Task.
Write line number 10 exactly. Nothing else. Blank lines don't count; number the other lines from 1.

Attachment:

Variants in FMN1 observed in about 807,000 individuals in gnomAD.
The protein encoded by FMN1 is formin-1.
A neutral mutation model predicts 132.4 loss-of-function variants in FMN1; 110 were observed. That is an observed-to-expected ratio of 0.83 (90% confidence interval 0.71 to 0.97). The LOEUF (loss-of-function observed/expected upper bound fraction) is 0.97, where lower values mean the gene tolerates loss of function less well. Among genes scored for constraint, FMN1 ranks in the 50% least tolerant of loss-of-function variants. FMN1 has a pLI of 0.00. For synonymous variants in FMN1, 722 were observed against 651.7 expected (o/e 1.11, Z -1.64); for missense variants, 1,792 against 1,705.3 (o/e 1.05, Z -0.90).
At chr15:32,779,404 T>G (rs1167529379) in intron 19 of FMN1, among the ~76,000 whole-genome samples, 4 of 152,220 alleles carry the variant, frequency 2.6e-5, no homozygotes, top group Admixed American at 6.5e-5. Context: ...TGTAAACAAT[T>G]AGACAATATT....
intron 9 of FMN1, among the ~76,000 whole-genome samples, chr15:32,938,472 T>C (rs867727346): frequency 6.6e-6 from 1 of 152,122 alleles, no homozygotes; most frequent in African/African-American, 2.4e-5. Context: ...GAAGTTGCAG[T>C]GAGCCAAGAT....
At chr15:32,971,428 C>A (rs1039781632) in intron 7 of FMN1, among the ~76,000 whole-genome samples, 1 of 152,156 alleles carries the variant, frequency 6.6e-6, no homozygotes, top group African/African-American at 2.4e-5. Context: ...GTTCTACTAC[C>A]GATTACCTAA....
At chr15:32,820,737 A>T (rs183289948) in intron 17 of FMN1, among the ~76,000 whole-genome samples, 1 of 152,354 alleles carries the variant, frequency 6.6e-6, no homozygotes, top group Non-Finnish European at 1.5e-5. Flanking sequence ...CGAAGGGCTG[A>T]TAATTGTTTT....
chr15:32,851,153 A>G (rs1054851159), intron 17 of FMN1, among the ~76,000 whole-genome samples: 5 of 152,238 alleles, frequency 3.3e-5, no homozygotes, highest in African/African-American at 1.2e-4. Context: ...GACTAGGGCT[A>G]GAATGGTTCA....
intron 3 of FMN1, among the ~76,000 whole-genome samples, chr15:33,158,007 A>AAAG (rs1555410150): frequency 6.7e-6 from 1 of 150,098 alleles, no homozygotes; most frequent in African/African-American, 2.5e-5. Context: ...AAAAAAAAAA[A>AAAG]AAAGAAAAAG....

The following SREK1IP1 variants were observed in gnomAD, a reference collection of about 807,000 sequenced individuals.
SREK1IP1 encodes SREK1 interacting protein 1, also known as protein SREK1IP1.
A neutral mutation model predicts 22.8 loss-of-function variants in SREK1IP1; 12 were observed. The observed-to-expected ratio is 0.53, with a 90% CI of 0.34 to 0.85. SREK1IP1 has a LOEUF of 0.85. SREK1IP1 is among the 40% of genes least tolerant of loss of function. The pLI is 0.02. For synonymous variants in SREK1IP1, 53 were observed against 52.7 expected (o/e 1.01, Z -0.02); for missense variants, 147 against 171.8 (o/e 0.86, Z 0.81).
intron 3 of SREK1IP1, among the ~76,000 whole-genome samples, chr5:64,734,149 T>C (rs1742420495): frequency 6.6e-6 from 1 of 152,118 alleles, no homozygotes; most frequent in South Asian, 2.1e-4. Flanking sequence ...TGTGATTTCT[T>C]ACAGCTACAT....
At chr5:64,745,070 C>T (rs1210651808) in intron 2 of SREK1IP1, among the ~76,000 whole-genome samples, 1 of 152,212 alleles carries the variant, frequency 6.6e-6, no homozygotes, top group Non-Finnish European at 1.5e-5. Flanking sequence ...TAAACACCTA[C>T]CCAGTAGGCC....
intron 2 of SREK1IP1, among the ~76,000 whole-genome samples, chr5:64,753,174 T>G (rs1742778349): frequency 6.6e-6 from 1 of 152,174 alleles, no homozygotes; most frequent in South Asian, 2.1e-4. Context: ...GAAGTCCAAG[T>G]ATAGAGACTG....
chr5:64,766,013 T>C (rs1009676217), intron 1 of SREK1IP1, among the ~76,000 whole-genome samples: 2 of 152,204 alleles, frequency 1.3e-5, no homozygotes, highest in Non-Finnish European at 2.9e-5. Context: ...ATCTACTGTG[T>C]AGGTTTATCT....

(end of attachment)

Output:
The following SREK1IP1 variants were observed in gnomAD, a reference collection of about 807,000 sequenced individuals.